Back by popular demand. Blessings to you this holiday season.
I’ve taken to standing under trees. I pause for a moment or two and look up into the branches. On a snow covered night like tonight, the layers of soft white paint a perfect silhouette and I can see straight through to the moon. My neighbor’s blue Christmas tree lights glimmer off in the distance. The street is quiet. I’ve already forgotten whatever it was I was thinking about.
Looking up can do that to you. The beauty and the wonder of this life can root you in the here and now. I say a silent prayer of gratitude and turn to walk up my front stoop. Standing in the warmth of my living room, I am overcome by a memory of old, of how my brothers and I used to set up the nativity crèche every December.
My mother had inherited the sleek white porcelain figurines that we carefully positioned around our living room. Mary and Joseph found themselves on the first of two square coffee tables. The shepherds and their sheep shared the side table next to the couch where there was plenty of room to graze. The three kings and their caravan of camels and gifts were relegated to the bookcases at one end of the room. They had the furthest distance to travel.
The crèche itself was situated at the far end of the room near the fire place. My mother used to drape the table in white cloth and place slips of fresh holly with their clusters of bright red berries around the periphery. We laid the tiny straw manger in the middle where it sat waiting in silent anticipation. There was always a fight about who got to put the baby Jesus in the manger on Christmas morning. It was a coveted job.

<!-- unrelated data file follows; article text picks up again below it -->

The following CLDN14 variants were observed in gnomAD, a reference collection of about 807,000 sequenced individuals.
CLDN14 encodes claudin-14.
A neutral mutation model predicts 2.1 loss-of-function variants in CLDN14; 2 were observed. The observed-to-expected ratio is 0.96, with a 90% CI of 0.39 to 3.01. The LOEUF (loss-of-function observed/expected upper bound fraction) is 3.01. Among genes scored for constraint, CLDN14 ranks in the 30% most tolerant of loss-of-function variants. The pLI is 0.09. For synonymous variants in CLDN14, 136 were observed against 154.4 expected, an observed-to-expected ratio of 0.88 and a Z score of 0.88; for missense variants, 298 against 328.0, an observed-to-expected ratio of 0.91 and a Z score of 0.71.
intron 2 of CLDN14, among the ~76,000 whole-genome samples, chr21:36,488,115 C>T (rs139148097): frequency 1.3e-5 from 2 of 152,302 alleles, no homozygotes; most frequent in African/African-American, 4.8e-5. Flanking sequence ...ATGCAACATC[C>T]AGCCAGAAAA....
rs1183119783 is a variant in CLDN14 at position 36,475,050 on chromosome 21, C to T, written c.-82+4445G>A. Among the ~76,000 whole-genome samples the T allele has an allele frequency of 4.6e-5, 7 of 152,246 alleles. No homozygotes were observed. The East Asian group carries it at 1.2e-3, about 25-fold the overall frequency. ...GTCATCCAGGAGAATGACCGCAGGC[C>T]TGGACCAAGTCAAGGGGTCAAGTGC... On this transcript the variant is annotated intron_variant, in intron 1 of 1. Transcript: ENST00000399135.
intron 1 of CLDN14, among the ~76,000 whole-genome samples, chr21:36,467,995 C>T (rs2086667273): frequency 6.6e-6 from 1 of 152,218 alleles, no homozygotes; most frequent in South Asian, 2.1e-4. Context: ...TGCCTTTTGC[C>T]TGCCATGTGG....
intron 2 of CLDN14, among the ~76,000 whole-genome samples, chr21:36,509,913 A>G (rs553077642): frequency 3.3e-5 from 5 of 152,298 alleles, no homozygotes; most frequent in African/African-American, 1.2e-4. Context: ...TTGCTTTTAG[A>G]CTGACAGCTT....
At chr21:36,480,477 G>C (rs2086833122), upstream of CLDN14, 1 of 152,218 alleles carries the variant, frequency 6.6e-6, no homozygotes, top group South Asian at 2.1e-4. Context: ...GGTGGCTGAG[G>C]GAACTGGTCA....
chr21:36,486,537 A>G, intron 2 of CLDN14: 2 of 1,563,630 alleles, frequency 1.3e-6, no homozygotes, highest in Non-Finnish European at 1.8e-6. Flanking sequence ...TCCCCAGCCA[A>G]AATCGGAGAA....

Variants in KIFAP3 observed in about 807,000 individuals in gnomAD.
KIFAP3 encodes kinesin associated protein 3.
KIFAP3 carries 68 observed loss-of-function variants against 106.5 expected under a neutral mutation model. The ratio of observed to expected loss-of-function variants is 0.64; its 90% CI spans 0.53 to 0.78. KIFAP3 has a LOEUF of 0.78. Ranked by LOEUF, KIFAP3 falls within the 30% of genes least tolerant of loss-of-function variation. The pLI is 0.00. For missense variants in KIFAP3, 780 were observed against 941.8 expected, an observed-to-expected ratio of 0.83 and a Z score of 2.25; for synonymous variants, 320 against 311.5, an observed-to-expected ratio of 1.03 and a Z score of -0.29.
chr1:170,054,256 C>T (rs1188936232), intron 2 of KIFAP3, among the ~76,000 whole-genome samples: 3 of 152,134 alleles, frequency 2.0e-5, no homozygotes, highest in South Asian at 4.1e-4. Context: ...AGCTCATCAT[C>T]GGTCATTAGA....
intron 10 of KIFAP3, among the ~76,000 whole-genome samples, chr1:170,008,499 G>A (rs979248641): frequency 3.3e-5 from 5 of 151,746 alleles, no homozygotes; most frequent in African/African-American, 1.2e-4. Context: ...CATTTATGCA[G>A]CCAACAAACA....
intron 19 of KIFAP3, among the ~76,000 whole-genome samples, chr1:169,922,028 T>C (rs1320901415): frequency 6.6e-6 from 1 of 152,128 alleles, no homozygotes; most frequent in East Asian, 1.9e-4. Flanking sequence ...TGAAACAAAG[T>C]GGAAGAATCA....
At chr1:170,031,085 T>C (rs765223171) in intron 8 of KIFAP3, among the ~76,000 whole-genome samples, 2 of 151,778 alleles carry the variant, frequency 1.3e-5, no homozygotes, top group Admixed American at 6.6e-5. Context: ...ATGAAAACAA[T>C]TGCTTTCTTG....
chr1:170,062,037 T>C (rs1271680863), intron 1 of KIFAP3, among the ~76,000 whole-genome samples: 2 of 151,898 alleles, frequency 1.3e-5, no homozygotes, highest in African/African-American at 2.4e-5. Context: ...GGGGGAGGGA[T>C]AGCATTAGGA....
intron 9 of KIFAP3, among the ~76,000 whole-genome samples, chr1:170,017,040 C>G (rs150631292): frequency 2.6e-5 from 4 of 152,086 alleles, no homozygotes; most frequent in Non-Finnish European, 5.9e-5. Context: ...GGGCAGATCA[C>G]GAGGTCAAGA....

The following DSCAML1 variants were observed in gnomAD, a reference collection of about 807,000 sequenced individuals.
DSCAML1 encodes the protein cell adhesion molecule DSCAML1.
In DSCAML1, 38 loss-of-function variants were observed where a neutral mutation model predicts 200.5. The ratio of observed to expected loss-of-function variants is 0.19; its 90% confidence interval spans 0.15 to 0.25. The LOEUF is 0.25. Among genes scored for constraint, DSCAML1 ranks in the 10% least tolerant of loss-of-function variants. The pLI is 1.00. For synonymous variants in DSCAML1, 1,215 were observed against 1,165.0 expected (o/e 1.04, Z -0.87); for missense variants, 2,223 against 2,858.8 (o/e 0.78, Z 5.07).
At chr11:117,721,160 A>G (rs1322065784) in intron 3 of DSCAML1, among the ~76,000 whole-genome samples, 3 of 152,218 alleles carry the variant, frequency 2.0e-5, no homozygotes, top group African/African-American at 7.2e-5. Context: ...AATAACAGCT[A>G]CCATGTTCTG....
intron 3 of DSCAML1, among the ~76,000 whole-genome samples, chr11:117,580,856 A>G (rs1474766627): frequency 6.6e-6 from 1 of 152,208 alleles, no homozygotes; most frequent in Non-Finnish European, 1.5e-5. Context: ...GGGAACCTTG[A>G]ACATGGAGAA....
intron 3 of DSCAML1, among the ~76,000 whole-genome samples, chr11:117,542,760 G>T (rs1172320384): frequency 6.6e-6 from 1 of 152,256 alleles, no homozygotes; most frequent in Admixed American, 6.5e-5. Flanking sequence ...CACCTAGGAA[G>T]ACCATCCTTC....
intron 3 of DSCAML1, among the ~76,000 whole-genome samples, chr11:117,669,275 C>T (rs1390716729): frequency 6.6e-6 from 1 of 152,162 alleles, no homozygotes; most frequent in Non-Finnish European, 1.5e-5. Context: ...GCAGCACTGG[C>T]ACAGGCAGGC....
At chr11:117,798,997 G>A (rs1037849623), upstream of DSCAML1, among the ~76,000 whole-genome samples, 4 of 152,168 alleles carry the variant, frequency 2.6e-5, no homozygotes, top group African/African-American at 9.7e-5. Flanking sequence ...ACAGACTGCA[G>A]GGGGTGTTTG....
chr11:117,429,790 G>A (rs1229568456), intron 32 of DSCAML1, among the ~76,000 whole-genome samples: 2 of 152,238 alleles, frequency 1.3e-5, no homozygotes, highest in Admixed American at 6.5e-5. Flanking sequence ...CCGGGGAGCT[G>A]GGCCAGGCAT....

In the weeks leading up to Christmas, my brothers and I would take turns moving each of the figurines one table closer to the manger. Mary and Joseph would table-hop to the second of the two matching coffee tables. The shepherds and their sheep would follow a few days later, with the three kings and their camels coming in a solid third. It was only ever one table at a time.
The magi slowly made their way from one bookcase to the next. From there they trekked to the side table, from the side table to the first coffee table, and then onto the second. Undeterred, they journeyed to the next side table, where they sojourned for several days before traversing across the living room and finding themselves bent on one knee paying homage to a newborn son.
Year after year the trek was the same. It never varied. The predictability of it was comforting to me as a child. The kings clearly knew where they were headed. Their path was known. It was simple and straightforward, albeit a bit indirect. I could think of much faster ways to get to see the baby Jesus after all.
As an adult, I am surprised by how little we know about the magi. The only thing scholars seem to agree on is that the three of them had no idea where they were going. Or what they might find. They didn’t have an iPhone or voice-activated GPS. They didn’t have an itinerary, a return date, or any restrictions on the number of carry-ons they could bring. As the story goes, they followed a star. They looked up. They let wonder be their guide.
It can be so hard to remember to look up. We look down to pay our bills, to email, and to text. We look down to tie our children’s shoes, to check their homework, to slick down their unkempt hair. We look down at our grocery lists and our holiday shopping lists and our never ending list of home repairs. Some days I have to stop and remind myself that I am more than a to-do list.
I need to pause more often. I want to breathe in the vibrance of the blue sky, to savor the laughter of children. I want to be awed by the streams of people I pass in Target, to remember that they are just as blessed as I am. We are all on the same journey. We are all the magi. We are all invited to move our lives forward in trust, letting wonder be our guide.